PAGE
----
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Lincoln University hires agriculture dean

by Ryan Pivoney | January 24, 2023 at 4:02 a.m.
Douglas LaVergne (Submitted photo)


A new dean is looking to take Lincoln University's college of agriculture, environmental and human sciences to greater heights.

Lincoln announced Jan. 19 it hired Douglas LaVergne to take the helm of one of its crown jewels -- the college responsible for the department of agriculture and environmental science, the Cooperative Research Program and the Cooperative Extension Program. He begins April 1.

"The College of Agriculture, Environmental and Human Sciences has unmatched potential to prepare students to become decision makers in solving the critical issues of the 21st century," LaVergne said in a statement. "I look forward to the opportunity to bring my experience to help LU's CAEHS become one of the most innovative colleges of agriculture in the country."

The college's former dean, Majed El-Dweik, left Lincoln last summer for a position at another university out of state.

In the next couple months, LaVergne will leave his post as associate dean of the college of agricultural sciences and natural resources at Texas A&M University-Commerce, the third-largest institution in the Texas A&M University System with an enrollment of approximately 7,369 in 2021. He's joining one of Missouri's two land grant institutions, a historically Black university with a dedicated mission to perform agricultural research and extension. Lincoln recorded an enrollment of approximately 1,833 students last fall.

LaVergne's research interests have focused on diversity in agriculture and extension education. He's also studied the needs of agricultural teachers and the impact of demographic and societal changes to the field.

He grew up in Texas and Louisiana, and spent summers working in his father's rice fields. He holds degrees in agricultural education from Southern University A&M College in Baton Rouge, Louisiana, the University of Arkansas and Texas A&M University in College Station. He taught agriculture at the high school level and at West Virginia University, and previously served as an extension specialist for Louisiana State University.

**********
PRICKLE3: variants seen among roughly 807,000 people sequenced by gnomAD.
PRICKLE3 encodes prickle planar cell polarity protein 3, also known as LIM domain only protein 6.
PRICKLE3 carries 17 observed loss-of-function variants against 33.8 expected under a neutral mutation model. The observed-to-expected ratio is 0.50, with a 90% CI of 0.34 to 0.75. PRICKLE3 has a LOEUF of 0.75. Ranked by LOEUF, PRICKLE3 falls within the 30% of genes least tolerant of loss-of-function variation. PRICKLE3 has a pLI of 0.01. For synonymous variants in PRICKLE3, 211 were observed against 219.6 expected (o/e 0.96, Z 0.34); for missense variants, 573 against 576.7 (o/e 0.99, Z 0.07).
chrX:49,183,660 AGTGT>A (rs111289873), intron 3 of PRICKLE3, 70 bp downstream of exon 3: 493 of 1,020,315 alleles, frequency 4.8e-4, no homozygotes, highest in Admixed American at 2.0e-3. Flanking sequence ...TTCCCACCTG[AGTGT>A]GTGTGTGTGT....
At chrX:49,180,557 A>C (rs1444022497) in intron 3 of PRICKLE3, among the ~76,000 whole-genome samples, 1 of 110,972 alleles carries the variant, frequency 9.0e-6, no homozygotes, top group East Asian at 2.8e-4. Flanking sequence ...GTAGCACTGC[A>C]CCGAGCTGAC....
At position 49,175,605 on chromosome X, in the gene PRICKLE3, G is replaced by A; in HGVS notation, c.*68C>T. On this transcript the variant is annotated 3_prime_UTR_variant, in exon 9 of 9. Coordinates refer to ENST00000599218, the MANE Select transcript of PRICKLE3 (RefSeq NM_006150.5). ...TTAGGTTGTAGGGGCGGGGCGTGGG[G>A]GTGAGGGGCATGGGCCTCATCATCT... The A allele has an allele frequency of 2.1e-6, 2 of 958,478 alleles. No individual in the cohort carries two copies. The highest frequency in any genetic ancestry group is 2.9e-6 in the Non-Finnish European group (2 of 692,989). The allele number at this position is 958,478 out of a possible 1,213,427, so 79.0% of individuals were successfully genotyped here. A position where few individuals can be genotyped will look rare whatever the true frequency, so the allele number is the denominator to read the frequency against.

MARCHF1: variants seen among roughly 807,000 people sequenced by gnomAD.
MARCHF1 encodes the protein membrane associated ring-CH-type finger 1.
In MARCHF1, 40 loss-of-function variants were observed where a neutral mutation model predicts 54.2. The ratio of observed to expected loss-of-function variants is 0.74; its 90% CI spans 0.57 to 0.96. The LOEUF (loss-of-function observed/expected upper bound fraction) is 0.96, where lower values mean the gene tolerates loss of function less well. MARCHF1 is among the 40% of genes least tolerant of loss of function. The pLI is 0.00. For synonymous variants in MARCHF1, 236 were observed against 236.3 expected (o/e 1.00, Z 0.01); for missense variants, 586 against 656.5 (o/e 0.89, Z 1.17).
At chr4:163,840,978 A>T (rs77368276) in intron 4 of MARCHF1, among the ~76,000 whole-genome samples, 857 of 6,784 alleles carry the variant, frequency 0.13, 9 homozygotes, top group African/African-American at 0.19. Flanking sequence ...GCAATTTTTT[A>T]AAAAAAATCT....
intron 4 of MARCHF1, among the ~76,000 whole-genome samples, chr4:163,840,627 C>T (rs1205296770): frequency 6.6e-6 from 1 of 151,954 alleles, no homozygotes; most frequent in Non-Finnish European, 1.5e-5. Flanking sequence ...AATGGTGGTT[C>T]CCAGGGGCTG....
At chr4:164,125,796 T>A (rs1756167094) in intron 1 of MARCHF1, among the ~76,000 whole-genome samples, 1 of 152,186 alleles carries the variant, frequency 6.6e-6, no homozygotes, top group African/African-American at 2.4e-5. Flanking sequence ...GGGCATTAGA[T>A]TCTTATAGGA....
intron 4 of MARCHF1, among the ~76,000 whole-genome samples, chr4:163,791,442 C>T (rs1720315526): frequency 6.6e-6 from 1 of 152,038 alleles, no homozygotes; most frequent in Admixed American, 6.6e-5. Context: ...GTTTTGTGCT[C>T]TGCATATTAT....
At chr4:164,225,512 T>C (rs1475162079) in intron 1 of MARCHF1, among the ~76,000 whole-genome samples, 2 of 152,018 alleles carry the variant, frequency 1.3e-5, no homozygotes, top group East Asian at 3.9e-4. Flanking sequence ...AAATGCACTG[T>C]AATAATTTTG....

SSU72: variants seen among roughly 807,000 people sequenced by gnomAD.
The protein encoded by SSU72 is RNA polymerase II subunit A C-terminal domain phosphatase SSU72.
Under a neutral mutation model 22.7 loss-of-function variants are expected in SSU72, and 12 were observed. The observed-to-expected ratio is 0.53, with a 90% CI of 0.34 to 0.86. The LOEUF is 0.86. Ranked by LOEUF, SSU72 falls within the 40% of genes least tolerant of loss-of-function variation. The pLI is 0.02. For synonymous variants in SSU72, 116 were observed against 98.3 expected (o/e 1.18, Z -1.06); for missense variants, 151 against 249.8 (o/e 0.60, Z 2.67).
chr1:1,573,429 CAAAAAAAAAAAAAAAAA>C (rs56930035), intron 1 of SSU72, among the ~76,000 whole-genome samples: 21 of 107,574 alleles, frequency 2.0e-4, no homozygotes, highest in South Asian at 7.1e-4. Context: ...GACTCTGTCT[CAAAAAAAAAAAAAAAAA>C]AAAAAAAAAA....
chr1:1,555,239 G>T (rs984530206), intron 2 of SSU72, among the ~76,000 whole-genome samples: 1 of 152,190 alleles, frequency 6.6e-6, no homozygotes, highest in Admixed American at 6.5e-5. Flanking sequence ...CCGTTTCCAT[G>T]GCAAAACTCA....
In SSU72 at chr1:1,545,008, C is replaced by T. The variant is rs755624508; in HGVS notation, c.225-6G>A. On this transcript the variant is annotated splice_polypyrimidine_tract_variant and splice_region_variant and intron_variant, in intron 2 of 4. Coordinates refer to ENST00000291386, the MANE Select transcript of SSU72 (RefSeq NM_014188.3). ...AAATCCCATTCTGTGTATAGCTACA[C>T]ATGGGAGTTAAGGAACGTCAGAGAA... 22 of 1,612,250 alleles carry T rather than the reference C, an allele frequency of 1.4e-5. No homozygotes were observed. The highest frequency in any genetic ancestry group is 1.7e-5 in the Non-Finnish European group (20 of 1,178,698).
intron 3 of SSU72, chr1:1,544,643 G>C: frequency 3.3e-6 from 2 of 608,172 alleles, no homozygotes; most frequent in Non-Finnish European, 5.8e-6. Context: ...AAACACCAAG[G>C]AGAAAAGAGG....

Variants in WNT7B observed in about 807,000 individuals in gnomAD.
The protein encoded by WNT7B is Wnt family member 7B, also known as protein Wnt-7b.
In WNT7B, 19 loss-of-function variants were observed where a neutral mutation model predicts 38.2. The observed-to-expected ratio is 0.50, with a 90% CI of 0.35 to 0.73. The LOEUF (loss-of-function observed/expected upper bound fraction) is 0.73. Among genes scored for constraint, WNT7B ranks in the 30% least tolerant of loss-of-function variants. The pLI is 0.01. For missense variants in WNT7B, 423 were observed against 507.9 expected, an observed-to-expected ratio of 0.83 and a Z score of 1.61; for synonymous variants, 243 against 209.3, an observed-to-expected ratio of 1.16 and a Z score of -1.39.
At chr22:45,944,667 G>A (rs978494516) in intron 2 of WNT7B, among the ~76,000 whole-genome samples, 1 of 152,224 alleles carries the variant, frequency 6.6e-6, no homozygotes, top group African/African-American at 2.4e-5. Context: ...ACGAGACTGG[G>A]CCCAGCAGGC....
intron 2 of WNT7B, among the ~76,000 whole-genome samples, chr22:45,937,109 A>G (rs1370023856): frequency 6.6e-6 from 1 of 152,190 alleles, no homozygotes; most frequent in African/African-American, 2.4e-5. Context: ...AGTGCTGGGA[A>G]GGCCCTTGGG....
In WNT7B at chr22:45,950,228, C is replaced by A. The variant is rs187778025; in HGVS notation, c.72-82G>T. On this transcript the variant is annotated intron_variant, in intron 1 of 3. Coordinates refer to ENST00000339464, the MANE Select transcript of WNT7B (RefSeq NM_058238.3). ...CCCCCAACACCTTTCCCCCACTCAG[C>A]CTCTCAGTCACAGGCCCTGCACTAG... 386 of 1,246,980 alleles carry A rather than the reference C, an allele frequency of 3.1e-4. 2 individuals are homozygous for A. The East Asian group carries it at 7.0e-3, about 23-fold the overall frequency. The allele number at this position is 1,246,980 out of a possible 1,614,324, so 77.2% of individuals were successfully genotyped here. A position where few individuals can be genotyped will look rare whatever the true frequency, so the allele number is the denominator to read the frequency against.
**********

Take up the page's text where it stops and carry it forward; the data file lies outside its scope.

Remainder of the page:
At Lincoln, LaVergne will oversee student instruction of the six degree and four minor programs within the college of agriculture, environmental and human sciences, as well as direct Cooperative Research and Extension Services. LaVergne will be responsible for managing the department's resources, leading development and fundraising efforts and tackling faculty, staff and student recruitment and retention.

"We are excited to add Dr. LaVergne to our leadership team," Lincoln President John Moseley said in a statement. "As a land-grant institution with a particular interest in empowering underserved populations, Lincoln possesses great potential and responsibility for ag education, innovation and research. Dr. LaVergne is filling a key position as CAEHS dean, and his education and experience will well serve our students and overall mission."

Lincoln received full land grant funding from the state last year. The $9 million appropriation was used to match and draw down the same amount in federal funding. The state and federal land grant funding is spent entirely on agricultural research and extension.

The university recently invested $4.5 million to build two greenhouses, a high tunnel and a workhouse at George Washington Carver Farm, as well as three greenhouses, two high tunnels and a workhouse at Alan T. Busby Farm. In the works are two more farm facilities worth about $6 million, which Lincoln plans to develop over the next couple of years. One is a small ruminant processing facility and the other is a hemp testing facility, both of which are slated for James N. Freeman Farm.

"It is a tremendous honor to be named dean of the college of agriculture, environmental and human sciences," LaVergne said. "I am humbled by the opportunity to serve in this role and, in turn, to contribute further to the legacy that Lincoln University has embodied since 1866."

Print Headline: LU hires agriculture dean

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